I’ve shown you how to use shift registers to drive an LED grid, including how to draw pictures on the screen from memory. Now we’re going to use those tools to make a game similar to the classic Tetris.  I’ll show you the circuit, how to draw pieces, how to create animations, respond to user input, and more.  Learning how to build complex behavior from simple parts is a great start to thinking about how robots behave.

### What do you mean, like Tetris?

Tetris has a different well shape (10 wide and 24 tall), different speeds, a score keeping system, music, and in Tetris you can turn a piece either way.  In this simplified clone you can only turn the piece clockwise and the well is 8*16.

### The game circuit

This is the design of how the wires should work in theory only. If you looked at the previous tutorial for LEDs and shift registers, you’ll recognize everything here. I’ve doubled the number of grids and shift registers, plus added a 5 pin connector for the joystick.

Once I’ve got the schematic done I have to tell the design software the physical shape of each part, then lay them out on the PCB. That includes the outside edge of the PCB, the writing on the PCB, and where the wires are traced on the PCB.

My design software is kind enough to offer a 3D model of the board.

I took the 3D model of the board and my model of the LED grid and put everything together in Fusion360. In theory now I could make a 3d printed box to go around the whole thing.  In practice I couldn’t find a pleasing form factor – Either the battery or the joystick is in an ugly place.

### Drawing one piece

There are seven pieces to draw: the two Ls, the two S, the box, the I, and the T.  The longest piece is 4 units long, and pieces can be rotated 4 different ways. I want to write code once to deal with all pieces in every rotation.  To make that happen I created a 4*4 pictures of each piece in each rotation.  Some pieces don’t look like they change when they rotate, but so what?   Here’s an example of an L piece.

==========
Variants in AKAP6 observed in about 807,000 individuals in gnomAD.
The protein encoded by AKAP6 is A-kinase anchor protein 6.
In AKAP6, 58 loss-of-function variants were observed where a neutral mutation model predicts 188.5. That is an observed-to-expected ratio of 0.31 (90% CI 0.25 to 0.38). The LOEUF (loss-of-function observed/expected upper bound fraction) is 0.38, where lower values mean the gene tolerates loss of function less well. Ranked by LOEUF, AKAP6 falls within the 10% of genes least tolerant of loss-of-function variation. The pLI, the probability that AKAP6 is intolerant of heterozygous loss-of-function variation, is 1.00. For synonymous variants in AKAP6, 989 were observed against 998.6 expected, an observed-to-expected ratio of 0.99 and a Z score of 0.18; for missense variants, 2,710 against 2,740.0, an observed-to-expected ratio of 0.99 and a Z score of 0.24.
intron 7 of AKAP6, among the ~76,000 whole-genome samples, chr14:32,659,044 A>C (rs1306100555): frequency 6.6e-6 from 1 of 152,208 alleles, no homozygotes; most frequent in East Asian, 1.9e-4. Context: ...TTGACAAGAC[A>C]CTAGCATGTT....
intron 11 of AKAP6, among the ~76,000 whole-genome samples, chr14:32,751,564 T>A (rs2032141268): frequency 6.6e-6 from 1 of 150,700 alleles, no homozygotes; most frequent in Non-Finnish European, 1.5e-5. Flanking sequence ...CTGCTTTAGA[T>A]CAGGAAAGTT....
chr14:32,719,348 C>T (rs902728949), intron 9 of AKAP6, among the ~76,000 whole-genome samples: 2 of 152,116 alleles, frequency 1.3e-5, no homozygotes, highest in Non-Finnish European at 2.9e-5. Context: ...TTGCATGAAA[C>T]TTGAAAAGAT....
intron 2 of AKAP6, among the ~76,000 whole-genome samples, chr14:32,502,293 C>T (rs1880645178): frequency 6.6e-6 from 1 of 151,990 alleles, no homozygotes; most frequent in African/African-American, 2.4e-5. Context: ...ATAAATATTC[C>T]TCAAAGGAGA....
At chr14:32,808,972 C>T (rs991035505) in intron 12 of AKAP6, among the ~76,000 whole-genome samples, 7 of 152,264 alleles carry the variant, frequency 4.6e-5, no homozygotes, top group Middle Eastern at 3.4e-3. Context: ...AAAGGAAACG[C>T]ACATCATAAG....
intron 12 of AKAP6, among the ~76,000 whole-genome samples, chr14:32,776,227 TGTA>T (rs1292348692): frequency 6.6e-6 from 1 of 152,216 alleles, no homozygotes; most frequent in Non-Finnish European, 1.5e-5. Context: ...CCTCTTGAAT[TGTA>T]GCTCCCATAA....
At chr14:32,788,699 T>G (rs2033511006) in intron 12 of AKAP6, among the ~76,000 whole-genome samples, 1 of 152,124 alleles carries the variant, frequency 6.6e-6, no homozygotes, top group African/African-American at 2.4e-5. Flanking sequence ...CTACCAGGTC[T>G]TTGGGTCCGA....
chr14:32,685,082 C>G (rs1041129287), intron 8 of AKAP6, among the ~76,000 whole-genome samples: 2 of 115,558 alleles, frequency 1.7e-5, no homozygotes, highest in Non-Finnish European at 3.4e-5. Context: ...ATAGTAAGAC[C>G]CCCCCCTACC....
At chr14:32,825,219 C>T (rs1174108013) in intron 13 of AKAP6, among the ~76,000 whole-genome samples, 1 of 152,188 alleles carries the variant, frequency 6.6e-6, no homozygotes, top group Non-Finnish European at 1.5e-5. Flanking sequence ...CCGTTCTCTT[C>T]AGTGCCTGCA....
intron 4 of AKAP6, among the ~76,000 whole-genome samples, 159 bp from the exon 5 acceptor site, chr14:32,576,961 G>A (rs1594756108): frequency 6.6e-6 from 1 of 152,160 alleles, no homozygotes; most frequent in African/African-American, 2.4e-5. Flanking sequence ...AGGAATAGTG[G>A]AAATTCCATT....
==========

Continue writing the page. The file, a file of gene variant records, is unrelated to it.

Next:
```const char piece_L2[] = {
0,1,0,0,
0,1,0,0,
1,1,0,0,
0,0,0,0,

0,0,0,0,
1,0,0,0,
1,1,1,0,
0,0,0,0,

0,1,1,0,
0,1,0,0,
0,1,0,0,
0,0,0,0,

0,0,0,0,
1,1,1,0,
0,0,1,0,
0,0,0,0,
}; ```

To show a piece in a given rotation to the player, I copy one picture to the grid, then display the grid.  This is a bit tricky because the grid size is not the same as a piece size.

```void addPieceToGrid() {
int x, y;
const char *piece = pieces[pieceID] + (pieceRotation * PIECE_H * PIECE_W);
for(y=0;y<PIECE_H;++y) {
for(x=0;x<PIECE_W;++x) {
int nx=pieceX+x;
int ny=pieceY+y;
if(ny<0 || ny>=HEIGHT) continue;  // off grid
if(nx<0 || nx>=WIDTH ) continue;  // off grid
if(piece[yPIECE_W+x]==1) {         grid[nyWIDTH+nx]=1;  // =0 to erase
}
}
}
}```

I created a nearly identical method called erasePieceFromGrid().

### Game animations

Then I made pieceOffGrid() to see if a piece has gone too far left or right and pieceHitsRubble() to see if a piece has hit older pieces still on the screen.  Both of those methods are very similar to add and erase.  Try to work it out before you look at my solution.

With all that together we can start to make animations.  Here’s an falling piece example.

```void tryToDropPiece() {
erasePieceFromGrid();
if(pieceCanFit(pieceX,pieceY+1,pieceRotation)) {
pieceY++;  // move piece down
} else {
// hit something!
// put it back at the old location
removeFullRows();
if(gameIsOver()==1) {
gameOver();
}
// game isn't over, choose a new piece
chooseNewPiece();
}
}```

There are similar methods named tryToMovePieceSideways() and a tryToRotatePiece() called from a method named reactToPlayer().  There are two parts left that I think are interesting: the main game loop and picking a new piece.

```void playTetris() {
// the game plays at one speed…
if(millis() - lastMove > moveDelay ) {
lastMove = millis();
reactToPlayer();
}
// …and drops the falling block at a different speed.
if(millis() - lastDrop > dropDelay ) {
lastDrop = millis();
tryToDropPiece();
}
// when it isn't doing those two things, it's redrawing the grid.
drawGrid();
}```

The piece choosing system is a bit like a game of Scrabble – all the pieces are put in a bag and drawn out at random.  When the bag is empty the pieces are put back in and drawing continues.  This way the player won’t suffer more than 12 turns before getting that one piece they really want.

```void chooseNewPiece() {
// bag empty?
if( pieceSequenceIndex >= NUM_PIECE_TYPES ) {
int i,j, k;
for(i=0;i<NUM_PIECE_TYPES;++i) {
do {
// pick a random piece
j = rand() % NUM_PIECE_TYPES;
// make sure it isn't already in the bag.
for(k=0;k<i;++k) {
if(pieceSequence[k]==j) break;  // already in the bag
}
} while(k<i);
// not in bag.  Add it.
pieceSequence[i] = j;
}
// rewind sequence counter
pieceSequenceIndex=0;
}
// get the next piece in the bag.
pieceID = pieceSequence[pieceSequenceIndex++];
// always start the piece top center.
pieceY=-4;  // -4 squares off the top of the screen.
pieceX=3;
// always start in the same orientation.
pieceRotation=0;
}```

The rest of the finer points can be read from the open source code.